Politicians have a long history of speaking out against video games. The first Senate hearing on video game violence was held in 1993, and the debate has continued to rage on in the years since.
But the most asinine, most beautifully ridiculous strike against video games occurred all the way back in 1981, before the Famicom was even a twinkle in Nintendo’s eye. On a sunny May morning, House of Commons member George Foulkes spoke out about the most dangerous menace the gaming world has ever seen: “space invader” machines.
Foulkes wove Parliament a hyperbolic tale that contained a little bit of everything: sex, lies, and flagrant overuse of air quotes. He recounted anecdote after sordid anecdote in which children were forced to go to terrible lengths in order to feed their Space Invaders addiction. One child stole funeral money from his grandmother. Another blackmailed a clergyman who had been having sex with him. Clearly, Foulkes was a man with his priorities in order.
“Those examples show the force for evil which can arise among young people from addiction to “space invader” machines,” Foulkes told the assembly. “What should we do to control this menace?”
Foulkes’ solution, though needlessly convoluted, probably would have successfully kept Space Invaders out of the hands of children. He believed that banning the machines outright was “too Draconian,” and instead proposed a complicated licensing system. Anyone who wanted a “space invader machine” in their place of business would have to follow a number of rules, including restrictions regarding the age of players and the times the machine could be on. Foulkes’ bill also would have made it much more difficult for new arcades to open.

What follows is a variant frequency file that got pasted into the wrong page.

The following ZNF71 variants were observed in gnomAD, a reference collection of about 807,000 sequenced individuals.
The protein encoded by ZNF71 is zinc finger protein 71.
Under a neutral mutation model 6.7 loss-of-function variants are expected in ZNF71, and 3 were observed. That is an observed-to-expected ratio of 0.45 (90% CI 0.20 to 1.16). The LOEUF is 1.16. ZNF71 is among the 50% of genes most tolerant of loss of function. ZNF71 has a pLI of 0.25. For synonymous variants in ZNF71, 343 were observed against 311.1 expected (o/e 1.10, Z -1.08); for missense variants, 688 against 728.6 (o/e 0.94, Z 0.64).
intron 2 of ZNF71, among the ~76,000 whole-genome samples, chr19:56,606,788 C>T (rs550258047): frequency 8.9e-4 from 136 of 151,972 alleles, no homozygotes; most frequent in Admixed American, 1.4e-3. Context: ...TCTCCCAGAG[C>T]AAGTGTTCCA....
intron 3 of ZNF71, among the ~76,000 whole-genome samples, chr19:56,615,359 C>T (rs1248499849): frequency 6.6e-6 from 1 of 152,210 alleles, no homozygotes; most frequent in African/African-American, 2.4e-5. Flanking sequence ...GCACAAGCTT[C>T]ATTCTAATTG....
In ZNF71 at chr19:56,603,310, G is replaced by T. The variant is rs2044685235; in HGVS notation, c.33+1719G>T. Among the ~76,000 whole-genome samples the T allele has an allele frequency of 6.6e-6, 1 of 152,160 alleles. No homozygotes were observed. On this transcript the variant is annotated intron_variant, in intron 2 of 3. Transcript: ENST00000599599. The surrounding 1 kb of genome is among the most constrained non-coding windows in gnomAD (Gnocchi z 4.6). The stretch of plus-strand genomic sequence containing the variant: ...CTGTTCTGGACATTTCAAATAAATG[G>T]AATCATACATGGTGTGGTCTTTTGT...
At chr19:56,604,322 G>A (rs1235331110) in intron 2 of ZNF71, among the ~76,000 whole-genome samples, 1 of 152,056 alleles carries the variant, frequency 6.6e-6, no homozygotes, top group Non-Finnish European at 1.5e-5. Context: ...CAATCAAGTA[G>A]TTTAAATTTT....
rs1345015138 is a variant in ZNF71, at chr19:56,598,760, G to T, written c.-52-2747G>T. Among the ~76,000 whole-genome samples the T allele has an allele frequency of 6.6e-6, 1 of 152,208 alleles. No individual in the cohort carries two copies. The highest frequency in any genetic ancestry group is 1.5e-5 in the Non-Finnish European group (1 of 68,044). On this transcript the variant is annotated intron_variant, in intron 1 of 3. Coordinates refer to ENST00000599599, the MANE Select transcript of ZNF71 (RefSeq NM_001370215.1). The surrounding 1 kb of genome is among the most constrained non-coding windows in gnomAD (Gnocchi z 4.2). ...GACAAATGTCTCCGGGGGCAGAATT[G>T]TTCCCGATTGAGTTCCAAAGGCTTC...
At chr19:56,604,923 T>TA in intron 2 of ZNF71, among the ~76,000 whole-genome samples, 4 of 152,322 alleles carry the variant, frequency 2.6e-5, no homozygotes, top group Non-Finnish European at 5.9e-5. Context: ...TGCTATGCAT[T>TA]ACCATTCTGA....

Crazy though it may seem, his bill might have passed were it not for the objections of one game-loving parliament member. Describing Foulkes’ claims as “outrageous and ridiculous,” a man named Michael Brown laid his own impassioned story before the House:
If I have glazed eyes, it is perhaps because I am the one hon. Member who is an avid player of “space invaders”. I make no apology for the fact that before I came to the House early this afternoon I had an innocent half pint of beer in a pub with a couple of friends, put lop in a machine, and played a game of “space invaders”. Many young people derive innocent and harmless pleasure from “space invaders”. The machines—in amusement arcades, in seaside resorts and even in pubs—provide genuine, harmless entertainment for young people.
In the end, Foulkes’ bill was defeated 94 to 114. Not entirely satisfied by the results, Brown put forth one final question.
“On a point of order, Mr. Speaker,” said Brown. “Can you enlighten the House on how it will be possible to deal in future with the sort of trivia that has just wasted 22 minutes of the time of the House?”
“Order,” responded the Speaker. “Nothing said in this House is ever trivial.”
And so, the terrestrial menace lived to fight another day.